In Re Carl Edward Bozzo and Diane Filice Bozzo, Bankrupts,highlands Insurance Company of Houston, Texas, Plaintiff-appellant, v. Carl Edward Bozzo and Diane Filice Bozzo, Defendants-appellees, 693 F.2d 90 (9th Cir. 1982)Annotate this Case
Argued and Submitted July 13, 1982. Decided Nov. 22, 1982
Eric Winter, Anderson, McPharlin & Conners & Eric Winter, Los Angeles, Cal., for plaintiff-appellant.
Lawrence A. Jacobson, Cohen & Jacobson, Burlingame, Cal., for defendants-appellees.
Appeal from the United States District Court for the Northern District of California.
Before WISDOM* , MERRILL and NORRIS, Circuit Judges.
MERRILL, Circuit Judge:
The question presented is whether the claim filed by Highlands Insurance Company against the bankrupt estate of the Bozzos should be declared nonprovable and thus nondischargeable. The claim was based on Highlands's contingent liability on surety undertakings on which the bankrupts are principals. Highlands's motion in the bankruptcy court to have the claim declared nonprovable was granted by the bankruptcy judge who was then reversed by the district court.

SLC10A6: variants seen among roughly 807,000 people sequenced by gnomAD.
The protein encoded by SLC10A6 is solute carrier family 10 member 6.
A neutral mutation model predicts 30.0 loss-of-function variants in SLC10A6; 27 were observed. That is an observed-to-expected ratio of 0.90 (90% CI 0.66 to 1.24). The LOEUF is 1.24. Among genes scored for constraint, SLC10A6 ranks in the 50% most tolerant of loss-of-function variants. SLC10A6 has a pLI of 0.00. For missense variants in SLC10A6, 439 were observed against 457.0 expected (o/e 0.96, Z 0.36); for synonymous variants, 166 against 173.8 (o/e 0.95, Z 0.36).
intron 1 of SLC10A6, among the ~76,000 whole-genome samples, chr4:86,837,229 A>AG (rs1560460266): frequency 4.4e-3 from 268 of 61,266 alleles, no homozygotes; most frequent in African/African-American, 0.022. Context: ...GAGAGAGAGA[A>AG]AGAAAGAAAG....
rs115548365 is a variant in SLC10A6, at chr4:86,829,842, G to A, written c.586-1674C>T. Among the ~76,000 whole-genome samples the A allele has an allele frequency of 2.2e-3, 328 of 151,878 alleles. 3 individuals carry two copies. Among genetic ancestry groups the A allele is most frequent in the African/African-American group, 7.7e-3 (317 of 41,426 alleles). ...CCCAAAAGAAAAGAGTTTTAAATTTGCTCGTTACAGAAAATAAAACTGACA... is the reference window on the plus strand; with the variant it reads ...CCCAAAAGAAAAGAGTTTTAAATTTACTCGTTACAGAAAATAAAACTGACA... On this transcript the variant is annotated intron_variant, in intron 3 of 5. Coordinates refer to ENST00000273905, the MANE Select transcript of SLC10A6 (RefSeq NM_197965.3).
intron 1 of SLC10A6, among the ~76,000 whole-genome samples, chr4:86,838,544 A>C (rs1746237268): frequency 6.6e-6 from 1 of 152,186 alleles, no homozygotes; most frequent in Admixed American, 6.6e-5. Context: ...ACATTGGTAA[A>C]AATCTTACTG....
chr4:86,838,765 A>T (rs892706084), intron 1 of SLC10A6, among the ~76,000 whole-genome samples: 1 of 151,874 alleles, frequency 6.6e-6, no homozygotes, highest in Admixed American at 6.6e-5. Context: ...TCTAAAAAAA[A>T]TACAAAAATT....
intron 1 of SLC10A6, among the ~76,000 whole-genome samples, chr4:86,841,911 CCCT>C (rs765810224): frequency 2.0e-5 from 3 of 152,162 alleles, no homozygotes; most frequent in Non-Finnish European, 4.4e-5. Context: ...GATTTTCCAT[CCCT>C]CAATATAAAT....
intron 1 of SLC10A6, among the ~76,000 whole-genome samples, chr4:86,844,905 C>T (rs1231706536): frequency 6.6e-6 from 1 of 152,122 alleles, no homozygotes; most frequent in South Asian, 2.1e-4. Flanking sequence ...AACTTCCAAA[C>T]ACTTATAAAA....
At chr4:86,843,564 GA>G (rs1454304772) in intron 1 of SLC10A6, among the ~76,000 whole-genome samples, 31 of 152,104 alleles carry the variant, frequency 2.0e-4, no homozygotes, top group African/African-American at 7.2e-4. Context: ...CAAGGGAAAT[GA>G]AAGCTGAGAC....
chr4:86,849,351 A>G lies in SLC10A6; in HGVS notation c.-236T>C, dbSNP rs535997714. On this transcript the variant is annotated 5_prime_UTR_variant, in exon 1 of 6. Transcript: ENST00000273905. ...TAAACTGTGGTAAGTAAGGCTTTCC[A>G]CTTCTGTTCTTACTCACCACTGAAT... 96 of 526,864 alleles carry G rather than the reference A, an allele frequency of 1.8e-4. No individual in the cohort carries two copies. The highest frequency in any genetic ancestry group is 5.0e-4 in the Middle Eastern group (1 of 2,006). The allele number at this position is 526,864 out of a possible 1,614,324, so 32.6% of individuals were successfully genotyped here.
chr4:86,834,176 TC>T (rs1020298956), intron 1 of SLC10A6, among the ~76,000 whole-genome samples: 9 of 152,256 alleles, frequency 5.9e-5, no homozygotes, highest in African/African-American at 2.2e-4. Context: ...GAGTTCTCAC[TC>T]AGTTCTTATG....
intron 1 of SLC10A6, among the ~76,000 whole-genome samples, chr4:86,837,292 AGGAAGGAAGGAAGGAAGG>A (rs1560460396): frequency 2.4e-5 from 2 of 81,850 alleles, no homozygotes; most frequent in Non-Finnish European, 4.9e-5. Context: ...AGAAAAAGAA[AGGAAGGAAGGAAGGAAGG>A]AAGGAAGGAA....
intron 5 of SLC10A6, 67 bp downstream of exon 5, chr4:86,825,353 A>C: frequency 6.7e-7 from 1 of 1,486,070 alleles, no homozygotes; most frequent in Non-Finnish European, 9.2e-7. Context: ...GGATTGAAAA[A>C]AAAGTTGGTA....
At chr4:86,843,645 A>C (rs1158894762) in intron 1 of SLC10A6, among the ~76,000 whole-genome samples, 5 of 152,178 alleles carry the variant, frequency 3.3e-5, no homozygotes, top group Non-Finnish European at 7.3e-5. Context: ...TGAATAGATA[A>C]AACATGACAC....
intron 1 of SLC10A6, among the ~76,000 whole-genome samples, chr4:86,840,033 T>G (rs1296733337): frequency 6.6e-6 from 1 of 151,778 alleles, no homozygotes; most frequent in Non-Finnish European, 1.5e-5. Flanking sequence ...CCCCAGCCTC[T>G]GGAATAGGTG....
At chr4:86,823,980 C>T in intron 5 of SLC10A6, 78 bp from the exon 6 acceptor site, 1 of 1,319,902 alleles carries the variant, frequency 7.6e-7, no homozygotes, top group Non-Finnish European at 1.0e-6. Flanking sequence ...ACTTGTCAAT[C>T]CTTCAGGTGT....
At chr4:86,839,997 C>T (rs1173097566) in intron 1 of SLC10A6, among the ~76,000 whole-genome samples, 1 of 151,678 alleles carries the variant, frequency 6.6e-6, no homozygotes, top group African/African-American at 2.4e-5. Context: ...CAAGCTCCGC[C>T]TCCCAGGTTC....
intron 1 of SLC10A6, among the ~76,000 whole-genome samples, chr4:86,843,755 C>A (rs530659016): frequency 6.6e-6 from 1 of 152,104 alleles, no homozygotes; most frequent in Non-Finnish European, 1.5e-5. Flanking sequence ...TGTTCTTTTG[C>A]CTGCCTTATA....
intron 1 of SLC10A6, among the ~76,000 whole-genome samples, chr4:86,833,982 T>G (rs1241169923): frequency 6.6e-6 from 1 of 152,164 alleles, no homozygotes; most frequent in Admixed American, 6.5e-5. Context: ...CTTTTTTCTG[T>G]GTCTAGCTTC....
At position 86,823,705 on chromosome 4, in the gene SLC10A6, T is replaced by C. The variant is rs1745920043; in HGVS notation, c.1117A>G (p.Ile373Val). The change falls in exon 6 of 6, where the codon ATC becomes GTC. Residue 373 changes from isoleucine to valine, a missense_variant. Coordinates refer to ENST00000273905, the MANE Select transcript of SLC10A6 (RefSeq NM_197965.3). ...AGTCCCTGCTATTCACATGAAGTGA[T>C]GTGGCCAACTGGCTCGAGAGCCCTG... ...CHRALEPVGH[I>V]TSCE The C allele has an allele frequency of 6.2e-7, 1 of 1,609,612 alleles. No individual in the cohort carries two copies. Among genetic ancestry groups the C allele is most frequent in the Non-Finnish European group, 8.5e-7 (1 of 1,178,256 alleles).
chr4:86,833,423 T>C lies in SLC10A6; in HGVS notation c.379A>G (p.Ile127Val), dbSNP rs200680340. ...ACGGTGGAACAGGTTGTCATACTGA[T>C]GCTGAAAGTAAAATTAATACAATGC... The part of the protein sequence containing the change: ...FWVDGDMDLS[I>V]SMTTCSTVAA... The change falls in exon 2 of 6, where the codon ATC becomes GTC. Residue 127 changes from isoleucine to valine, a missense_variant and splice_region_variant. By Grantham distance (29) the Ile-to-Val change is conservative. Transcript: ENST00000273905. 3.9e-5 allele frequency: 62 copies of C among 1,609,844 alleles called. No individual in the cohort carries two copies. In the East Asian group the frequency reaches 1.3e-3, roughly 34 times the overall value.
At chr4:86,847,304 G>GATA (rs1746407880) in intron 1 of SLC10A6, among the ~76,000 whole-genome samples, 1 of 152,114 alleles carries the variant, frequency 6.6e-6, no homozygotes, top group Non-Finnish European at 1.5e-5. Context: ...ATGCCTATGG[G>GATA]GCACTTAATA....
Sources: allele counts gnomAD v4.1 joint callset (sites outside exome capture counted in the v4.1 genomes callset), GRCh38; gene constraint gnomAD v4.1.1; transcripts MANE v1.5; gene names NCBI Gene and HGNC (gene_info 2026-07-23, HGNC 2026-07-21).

* On August 19, 1974, Carl and Diane Bozzo entered into an equipment lease contract with Union Commerce Leasing Corporation ("Union Commerce"). When the Bozzos later failed to make the payments required by the lease Union Commerce commenced a state court action alleging breach of the contract and fraud in the execution of the lease. Union Commerce also pursued the prejudgment remedies of claim and delivery and attachment in order immediately to regain possession of the leased equipment. Wishing to retain possession, however, the Bozzos filed undertakings for redelivery ($60,000) and release of attachment ($55,000), both of which were obtained from Highlands. The Bozzos agreed to indemnify Highlands for any loss it might suffer on the basis of these undertakings.